Adult T-cell leukemia-lymphoma

Aggressive malignancy of activated T cells associated with human T-cell lymphotrophic virus type-I (HTLV-1).

Classified into smoldering, chronic, lymphoma and acute subtypes.

A retrovirus infecting 5,000,000 to 10,000,000 people worldwide.

T-cell lymphotrophic virus type-I (HTLV-1) can cause an incurable neurologic disorder HTLV-one-associated myelopathy-tropical spastic paraparesis as well as adult T cell leukemia-lymphoma.

Poor prognosis associated with acute subtype and lymphoma subtype because of intrinsic resistance to chemotherapy the presence of a large tumor burden, hypercalcemia, immune deficiencies and the presence of infection.

Aggressive subtypes have not been impacted by chemotherapy on long-term survival rates.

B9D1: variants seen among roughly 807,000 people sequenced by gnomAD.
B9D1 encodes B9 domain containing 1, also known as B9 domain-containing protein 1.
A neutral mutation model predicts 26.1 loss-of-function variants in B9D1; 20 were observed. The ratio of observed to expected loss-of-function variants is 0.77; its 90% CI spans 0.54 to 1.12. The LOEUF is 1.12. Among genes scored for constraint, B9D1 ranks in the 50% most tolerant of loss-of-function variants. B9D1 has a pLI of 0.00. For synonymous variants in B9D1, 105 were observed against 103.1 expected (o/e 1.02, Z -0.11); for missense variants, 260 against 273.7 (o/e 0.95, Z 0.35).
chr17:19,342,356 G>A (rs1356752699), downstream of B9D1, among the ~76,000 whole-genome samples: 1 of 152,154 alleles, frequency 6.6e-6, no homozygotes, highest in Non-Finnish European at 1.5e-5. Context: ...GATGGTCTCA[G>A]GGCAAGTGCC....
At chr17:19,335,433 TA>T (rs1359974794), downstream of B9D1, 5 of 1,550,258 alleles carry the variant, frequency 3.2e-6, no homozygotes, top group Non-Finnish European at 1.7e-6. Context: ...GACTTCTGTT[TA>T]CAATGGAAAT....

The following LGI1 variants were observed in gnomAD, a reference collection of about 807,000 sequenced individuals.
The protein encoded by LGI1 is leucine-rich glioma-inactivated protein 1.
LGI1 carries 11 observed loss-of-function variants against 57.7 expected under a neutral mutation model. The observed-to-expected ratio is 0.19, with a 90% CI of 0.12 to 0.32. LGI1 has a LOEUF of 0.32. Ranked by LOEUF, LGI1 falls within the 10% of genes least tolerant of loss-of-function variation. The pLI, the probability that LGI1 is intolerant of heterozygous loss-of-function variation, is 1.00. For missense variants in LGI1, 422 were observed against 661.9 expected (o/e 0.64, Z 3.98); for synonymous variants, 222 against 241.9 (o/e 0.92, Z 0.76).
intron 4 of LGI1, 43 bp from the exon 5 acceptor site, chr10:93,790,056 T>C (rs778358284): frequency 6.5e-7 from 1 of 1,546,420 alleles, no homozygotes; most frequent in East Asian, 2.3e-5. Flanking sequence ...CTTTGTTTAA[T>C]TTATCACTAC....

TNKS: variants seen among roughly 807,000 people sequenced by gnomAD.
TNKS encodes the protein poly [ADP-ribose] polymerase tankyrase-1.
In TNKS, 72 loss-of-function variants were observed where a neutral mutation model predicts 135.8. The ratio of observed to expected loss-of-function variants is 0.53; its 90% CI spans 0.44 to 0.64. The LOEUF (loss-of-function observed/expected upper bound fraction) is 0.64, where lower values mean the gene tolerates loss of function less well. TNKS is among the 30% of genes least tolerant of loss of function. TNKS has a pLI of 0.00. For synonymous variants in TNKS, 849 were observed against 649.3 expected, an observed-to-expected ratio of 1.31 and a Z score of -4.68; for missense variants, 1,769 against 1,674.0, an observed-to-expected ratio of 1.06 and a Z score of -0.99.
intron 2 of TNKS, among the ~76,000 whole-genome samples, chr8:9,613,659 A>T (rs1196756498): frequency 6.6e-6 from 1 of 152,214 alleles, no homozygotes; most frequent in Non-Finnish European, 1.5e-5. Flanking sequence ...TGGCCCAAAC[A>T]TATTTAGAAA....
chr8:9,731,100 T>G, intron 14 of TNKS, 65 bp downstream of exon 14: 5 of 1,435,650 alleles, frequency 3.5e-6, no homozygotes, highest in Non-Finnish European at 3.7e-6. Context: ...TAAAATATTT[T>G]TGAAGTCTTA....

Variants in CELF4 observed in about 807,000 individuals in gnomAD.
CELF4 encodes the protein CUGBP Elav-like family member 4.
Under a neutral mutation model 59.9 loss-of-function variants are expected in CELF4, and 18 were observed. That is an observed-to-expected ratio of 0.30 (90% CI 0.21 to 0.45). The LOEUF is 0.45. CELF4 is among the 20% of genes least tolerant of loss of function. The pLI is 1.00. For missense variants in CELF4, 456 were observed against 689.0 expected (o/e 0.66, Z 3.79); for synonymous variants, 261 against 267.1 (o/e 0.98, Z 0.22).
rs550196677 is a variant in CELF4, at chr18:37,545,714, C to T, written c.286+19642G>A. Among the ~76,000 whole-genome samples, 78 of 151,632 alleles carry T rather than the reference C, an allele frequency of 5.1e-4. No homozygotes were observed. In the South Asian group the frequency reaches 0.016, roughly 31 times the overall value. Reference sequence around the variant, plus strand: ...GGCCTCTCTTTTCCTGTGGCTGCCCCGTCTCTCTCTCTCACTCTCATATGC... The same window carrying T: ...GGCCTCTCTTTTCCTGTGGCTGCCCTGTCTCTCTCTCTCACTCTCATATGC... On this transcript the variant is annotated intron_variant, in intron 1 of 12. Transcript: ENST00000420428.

Smoldering and chronic subtypes have a better prognosis.

Combination therapy with antiretroviral agent zidovudine and alpha interferon have reported high response rates in acute disease.

The prevalence HTLV-1 varies geographically with clustered populations in Japan, South America, the Middle East, Africa, and the Caribbean.

HTLV-1 occurs particluarly in sounthern Japanese islands and leds to the development of in aproximately 10% of infected patients

The median age of individuals with HTLV-1 infection is about 65 years, and increasing.

No disease entity linked to HTLV-2.

Risk of transmission in blood transfusion 1 in 3 million.

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